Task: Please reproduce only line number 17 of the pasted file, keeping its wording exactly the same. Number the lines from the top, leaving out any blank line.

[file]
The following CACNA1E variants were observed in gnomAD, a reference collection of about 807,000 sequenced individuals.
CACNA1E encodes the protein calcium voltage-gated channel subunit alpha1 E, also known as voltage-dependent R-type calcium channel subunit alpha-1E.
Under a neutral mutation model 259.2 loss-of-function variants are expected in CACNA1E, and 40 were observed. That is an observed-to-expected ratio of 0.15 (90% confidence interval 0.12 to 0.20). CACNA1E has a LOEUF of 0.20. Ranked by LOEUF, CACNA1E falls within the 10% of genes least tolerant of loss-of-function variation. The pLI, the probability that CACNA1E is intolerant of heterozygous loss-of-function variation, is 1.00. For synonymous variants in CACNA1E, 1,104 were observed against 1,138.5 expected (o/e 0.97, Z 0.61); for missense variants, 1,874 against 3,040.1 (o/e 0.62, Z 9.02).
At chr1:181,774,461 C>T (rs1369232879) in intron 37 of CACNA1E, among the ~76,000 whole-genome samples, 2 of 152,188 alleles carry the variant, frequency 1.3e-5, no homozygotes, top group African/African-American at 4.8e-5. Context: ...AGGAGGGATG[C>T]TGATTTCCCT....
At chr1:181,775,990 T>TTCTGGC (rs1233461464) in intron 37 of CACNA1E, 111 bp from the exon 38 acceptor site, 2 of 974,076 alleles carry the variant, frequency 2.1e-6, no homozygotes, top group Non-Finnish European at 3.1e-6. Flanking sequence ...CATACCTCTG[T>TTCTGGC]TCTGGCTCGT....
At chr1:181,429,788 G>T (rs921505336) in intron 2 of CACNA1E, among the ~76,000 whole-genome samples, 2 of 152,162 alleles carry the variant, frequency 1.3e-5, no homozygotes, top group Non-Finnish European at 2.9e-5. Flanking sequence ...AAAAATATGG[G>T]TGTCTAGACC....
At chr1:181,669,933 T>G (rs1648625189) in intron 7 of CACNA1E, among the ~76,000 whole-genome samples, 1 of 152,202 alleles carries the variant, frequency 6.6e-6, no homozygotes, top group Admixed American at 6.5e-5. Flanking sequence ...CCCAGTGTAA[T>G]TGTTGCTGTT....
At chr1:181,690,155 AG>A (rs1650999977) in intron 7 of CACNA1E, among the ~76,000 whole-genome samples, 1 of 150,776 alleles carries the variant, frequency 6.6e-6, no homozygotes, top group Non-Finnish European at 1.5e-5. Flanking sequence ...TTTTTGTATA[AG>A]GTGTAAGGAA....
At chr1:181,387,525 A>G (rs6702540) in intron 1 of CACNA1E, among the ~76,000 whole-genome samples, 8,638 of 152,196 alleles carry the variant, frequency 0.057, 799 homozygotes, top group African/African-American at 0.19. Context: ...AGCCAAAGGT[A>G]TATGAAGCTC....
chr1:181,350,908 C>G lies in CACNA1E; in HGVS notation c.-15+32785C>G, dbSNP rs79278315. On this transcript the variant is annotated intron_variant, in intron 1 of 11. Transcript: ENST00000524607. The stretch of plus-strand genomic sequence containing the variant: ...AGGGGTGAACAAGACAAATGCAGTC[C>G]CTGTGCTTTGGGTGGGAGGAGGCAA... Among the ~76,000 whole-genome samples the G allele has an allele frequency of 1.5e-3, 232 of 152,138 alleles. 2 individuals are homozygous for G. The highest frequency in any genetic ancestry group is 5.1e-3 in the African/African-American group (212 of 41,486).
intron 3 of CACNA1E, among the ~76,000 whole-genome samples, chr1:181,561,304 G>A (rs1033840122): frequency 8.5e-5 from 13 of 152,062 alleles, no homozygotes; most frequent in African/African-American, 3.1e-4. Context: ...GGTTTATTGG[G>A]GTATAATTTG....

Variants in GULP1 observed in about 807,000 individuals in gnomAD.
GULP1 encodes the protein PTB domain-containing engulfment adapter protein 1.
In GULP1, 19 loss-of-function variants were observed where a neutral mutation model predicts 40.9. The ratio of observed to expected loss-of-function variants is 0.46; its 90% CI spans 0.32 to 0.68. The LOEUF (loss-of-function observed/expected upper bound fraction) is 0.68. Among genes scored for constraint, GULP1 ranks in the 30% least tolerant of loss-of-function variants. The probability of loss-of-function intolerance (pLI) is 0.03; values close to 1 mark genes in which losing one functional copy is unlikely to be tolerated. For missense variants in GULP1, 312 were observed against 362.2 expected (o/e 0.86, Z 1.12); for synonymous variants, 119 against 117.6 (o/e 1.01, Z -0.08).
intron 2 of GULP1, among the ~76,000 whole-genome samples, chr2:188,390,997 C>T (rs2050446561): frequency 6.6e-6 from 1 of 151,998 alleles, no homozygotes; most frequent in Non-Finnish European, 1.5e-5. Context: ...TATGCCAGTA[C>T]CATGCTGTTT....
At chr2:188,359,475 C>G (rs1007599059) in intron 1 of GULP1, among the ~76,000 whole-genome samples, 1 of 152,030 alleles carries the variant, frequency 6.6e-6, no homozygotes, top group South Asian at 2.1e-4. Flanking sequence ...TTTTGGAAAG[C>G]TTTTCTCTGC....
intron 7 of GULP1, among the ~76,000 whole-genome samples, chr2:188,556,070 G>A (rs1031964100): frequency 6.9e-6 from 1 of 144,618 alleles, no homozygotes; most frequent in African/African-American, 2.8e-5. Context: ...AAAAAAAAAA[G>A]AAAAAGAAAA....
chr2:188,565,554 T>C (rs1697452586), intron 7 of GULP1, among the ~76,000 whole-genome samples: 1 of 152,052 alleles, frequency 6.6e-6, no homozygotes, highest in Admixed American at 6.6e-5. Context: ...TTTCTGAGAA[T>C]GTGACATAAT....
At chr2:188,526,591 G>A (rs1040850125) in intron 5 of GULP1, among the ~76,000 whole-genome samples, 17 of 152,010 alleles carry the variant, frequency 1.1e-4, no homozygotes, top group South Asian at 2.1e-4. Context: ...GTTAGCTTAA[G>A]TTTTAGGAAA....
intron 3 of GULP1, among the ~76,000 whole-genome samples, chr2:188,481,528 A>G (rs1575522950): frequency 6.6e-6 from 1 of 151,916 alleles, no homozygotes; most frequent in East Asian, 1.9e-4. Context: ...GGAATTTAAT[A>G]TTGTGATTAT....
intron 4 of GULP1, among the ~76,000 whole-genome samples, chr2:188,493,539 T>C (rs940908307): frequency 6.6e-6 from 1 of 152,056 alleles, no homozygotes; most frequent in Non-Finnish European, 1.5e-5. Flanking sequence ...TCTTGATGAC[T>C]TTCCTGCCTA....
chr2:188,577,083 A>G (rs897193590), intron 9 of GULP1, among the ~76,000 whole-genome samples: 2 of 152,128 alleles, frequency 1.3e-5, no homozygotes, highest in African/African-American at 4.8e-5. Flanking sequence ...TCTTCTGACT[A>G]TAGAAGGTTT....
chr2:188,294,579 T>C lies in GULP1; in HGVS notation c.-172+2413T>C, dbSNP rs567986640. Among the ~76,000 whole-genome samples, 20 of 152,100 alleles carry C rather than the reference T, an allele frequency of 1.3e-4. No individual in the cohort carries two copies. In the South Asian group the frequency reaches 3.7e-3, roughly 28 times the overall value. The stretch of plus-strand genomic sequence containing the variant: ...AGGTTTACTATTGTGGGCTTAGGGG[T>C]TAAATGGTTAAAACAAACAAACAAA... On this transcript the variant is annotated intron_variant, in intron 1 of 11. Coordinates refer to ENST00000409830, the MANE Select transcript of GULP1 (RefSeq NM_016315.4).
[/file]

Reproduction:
intron 7 of GULP1, among the ~76,000 whole-genome samples, chr2:188,556,070 G>A (rs1031964100): frequency 6.9e-6 from 1 of 144,618 alleles, no homozygotes; most frequent in African/African-American, 2.8e-5. Context: ...AAAAAAAAAA[G>A]AAAAAGAAAA....